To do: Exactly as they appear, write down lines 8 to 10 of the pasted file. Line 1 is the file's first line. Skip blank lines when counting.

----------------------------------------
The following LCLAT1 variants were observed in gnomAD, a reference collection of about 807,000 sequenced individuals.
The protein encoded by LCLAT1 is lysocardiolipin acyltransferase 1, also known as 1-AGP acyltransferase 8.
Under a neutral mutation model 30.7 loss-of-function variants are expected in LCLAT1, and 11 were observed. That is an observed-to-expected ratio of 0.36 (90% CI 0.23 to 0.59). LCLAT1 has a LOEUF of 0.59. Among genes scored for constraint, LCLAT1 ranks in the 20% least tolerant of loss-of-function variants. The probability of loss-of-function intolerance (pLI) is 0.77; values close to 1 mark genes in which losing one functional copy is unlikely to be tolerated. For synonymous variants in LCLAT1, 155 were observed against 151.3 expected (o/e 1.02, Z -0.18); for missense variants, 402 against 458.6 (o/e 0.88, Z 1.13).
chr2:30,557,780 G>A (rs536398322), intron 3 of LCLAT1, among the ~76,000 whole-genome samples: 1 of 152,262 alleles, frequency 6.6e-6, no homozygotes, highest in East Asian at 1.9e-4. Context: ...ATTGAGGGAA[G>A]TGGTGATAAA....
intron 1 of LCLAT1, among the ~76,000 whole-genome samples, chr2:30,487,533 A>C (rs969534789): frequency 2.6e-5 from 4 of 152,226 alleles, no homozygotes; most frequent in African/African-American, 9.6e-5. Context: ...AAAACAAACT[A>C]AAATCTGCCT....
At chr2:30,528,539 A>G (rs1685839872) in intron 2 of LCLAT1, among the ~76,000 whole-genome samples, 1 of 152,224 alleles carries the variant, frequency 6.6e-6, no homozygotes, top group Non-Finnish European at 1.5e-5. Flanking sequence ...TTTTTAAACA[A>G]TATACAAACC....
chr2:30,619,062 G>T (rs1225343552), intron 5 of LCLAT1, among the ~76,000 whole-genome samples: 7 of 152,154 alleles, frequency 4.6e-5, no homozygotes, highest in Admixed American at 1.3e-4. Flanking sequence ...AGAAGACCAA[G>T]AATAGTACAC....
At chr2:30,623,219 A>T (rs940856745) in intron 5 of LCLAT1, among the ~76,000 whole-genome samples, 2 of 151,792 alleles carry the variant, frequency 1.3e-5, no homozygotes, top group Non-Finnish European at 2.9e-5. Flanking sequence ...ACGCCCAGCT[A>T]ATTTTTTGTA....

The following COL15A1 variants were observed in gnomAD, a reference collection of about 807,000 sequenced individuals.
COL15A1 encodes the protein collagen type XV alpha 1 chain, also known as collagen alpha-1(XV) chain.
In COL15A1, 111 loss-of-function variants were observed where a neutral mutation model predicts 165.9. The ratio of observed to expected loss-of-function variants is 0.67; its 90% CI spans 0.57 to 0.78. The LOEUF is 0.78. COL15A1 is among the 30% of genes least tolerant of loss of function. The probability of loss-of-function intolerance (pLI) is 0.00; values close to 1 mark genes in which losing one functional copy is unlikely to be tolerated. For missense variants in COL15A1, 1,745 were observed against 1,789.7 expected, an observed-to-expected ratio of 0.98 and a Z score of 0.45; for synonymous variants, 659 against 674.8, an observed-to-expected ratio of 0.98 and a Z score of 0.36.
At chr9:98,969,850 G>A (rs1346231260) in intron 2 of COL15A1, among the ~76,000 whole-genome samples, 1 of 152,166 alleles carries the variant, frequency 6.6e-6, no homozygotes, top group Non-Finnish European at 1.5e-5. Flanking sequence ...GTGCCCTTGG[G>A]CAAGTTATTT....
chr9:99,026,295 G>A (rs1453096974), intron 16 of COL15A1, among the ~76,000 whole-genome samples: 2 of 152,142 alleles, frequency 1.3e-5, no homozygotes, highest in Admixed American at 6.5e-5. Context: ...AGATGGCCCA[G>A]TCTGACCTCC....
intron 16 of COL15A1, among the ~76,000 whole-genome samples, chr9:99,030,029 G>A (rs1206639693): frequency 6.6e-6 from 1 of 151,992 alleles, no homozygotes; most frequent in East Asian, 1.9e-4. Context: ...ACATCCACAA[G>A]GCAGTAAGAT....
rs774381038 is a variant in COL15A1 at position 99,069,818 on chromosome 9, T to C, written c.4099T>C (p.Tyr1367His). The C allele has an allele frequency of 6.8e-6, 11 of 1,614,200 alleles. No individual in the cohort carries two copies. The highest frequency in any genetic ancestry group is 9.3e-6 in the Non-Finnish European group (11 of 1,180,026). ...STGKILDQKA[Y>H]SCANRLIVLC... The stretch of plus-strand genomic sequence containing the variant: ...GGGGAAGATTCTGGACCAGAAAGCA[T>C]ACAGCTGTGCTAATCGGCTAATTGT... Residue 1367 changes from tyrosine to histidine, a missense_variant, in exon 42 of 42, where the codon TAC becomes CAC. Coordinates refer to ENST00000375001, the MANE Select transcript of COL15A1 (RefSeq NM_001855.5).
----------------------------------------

At chr2:30,623,219 A>T (rs940856745) in intron 5 of LCLAT1, among the ~76,000 whole-genome samples, 2 of 151,792 alleles carry the variant, frequency 1.3e-5, no homozygotes, top group Non-Finnish European at 2.9e-5. Flanking sequence ...ACGCCCAGCT[A>T]ATTTTTTGTA....

The following COL15A1 variants were observed in gnomAD, a reference collection of about 807,000 sequenced individuals.
COL15A1 encodes the protein collagen type XV alpha 1 chain, also known as collagen alpha-1(XV) chain.